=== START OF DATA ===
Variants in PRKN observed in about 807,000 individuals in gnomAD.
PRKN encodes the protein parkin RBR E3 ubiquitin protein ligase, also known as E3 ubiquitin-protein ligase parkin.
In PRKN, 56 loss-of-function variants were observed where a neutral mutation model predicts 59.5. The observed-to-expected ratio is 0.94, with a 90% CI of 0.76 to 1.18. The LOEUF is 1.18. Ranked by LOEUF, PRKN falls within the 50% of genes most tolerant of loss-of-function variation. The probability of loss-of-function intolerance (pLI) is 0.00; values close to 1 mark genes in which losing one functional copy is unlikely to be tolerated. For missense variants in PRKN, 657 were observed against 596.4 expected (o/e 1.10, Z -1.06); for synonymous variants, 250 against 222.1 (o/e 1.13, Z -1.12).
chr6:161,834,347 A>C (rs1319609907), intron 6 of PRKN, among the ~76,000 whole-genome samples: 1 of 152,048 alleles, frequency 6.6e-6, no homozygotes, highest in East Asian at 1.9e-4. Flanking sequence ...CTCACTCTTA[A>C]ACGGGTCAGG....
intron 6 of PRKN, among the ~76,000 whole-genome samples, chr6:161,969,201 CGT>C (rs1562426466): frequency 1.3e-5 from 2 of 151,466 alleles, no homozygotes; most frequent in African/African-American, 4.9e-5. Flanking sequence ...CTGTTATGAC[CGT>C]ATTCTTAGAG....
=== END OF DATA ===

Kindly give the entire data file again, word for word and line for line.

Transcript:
Variants in PRKN observed in about 807,000 individuals in gnomAD.
PRKN encodes the protein parkin RBR E3 ubiquitin protein ligase, also known as E3 ubiquitin-protein ligase parkin.
In PRKN, 56 loss-of-function variants were observed where a neutral mutation model predicts 59.5. The observed-to-expected ratio is 0.94, with a 90% CI of 0.76 to 1.18. The LOEUF is 1.18. Ranked by LOEUF, PRKN falls within the 50% of genes most tolerant of loss-of-function variation. The probability of loss-of-function intolerance (pLI) is 0.00; values close to 1 mark genes in which losing one functional copy is unlikely to be tolerated. For missense variants in PRKN, 657 were observed against 596.4 expected (o/e 1.10, Z -1.06); for synonymous variants, 250 against 222.1 (o/e 1.13, Z -1.12).
chr6:161,834,347 A>C (rs1319609907), intron 6 of PRKN, among the ~76,000 whole-genome samples: 1 of 152,048 alleles, frequency 6.6e-6, no homozygotes, highest in East Asian at 1.9e-4. Flanking sequence ...CTCACTCTTA[A>C]ACGGGTCAGG....
intron 6 of PRKN, among the ~76,000 whole-genome samples, chr6:161,969,201 CGT>C (rs1562426466): frequency 1.3e-5 from 2 of 151,466 alleles, no homozygotes; most frequent in African/African-American, 4.9e-5. Flanking sequence ...CTGTTATGAC[CGT>C]ATTCTTAGAG....